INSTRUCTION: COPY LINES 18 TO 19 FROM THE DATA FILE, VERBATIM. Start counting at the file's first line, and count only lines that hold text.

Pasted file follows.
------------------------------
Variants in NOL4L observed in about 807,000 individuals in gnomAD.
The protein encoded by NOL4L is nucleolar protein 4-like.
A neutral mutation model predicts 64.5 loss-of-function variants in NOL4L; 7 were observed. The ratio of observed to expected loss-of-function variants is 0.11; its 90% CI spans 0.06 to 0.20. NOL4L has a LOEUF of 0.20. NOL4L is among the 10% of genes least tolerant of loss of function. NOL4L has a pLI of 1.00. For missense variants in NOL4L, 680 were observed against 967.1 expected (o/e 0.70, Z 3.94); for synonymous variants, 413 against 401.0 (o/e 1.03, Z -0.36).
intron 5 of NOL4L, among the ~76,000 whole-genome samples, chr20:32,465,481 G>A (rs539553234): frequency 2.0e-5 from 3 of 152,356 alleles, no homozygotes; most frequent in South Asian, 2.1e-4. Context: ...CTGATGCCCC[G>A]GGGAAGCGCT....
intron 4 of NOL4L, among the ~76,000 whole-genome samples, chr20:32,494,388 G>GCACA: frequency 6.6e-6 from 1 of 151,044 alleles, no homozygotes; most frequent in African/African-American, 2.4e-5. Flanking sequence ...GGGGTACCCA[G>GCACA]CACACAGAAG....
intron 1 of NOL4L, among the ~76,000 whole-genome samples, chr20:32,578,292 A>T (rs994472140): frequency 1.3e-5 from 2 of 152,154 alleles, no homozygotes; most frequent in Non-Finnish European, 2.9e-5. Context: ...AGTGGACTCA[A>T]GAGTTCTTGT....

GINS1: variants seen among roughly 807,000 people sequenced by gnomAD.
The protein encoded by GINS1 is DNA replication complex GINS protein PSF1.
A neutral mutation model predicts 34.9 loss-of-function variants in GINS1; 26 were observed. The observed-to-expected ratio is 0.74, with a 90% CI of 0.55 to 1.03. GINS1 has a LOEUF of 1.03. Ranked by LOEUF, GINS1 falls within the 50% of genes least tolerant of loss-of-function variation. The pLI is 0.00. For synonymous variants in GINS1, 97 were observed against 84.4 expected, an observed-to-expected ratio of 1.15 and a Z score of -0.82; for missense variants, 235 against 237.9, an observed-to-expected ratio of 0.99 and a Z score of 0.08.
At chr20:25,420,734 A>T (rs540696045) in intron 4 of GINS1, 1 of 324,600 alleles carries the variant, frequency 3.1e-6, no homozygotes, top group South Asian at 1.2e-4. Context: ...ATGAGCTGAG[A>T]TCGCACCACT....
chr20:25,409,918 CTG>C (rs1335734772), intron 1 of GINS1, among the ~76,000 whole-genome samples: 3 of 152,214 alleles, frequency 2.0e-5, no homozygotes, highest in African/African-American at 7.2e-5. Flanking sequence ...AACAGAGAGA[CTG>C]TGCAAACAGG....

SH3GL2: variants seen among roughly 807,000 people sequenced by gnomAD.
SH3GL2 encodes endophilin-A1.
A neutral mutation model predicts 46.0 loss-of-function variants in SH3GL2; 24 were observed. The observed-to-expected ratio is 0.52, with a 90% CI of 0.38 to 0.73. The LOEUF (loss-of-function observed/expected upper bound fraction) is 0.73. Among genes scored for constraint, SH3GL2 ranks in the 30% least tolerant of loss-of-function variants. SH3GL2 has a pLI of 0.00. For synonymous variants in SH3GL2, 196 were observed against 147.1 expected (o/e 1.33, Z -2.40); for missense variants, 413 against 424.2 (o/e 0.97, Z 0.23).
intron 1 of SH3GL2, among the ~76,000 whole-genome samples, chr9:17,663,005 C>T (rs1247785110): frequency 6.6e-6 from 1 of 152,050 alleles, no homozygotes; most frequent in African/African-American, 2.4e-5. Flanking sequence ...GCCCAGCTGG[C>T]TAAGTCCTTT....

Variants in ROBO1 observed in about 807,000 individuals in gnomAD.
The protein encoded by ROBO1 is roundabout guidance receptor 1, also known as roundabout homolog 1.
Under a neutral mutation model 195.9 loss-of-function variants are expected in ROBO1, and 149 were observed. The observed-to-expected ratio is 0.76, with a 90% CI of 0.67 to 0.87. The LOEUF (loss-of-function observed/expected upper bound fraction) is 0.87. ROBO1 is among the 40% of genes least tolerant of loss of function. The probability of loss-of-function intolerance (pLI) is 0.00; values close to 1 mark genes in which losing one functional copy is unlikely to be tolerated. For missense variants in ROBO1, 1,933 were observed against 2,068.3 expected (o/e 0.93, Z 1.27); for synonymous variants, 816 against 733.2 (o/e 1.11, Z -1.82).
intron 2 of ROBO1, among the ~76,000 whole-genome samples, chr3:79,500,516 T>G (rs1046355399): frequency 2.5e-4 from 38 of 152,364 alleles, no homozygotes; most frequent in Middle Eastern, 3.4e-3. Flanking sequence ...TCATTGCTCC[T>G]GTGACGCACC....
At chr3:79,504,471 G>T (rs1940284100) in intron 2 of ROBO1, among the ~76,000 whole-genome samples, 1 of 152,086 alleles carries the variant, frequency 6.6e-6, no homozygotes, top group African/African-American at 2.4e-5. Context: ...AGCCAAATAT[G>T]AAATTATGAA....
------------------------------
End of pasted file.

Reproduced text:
Under a neutral mutation model 195.9 loss-of-function variants are expected in ROBO1, and 149 were observed. The observed-to-expected ratio is 0.76, with a 90% CI of 0.67 to 0.87. The LOEUF (loss-of-function observed/expected upper bound fraction) is 0.87. ROBO1 is among the 40% of genes least tolerant of loss of function. The probability of loss-of-function intolerance (pLI) is 0.00; values close to 1 mark genes in which losing one functional copy is unlikely to be tolerated. For missense variants in ROBO1, 1,933 were observed against 2,068.3 expected (o/e 0.93, Z 1.27); for synonymous variants, 816 against 733.2 (o/e 1.11, Z -1.82).
intron 2 of ROBO1, among the ~76,000 whole-genome samples, chr3:79,500,516 T>G (rs1046355399): frequency 2.5e-4 from 38 of 152,364 alleles, no homozygotes; most frequent in Middle Eastern, 3.4e-3. Flanking sequence ...TCATTGCTCC[T>G]GTGACGCACC....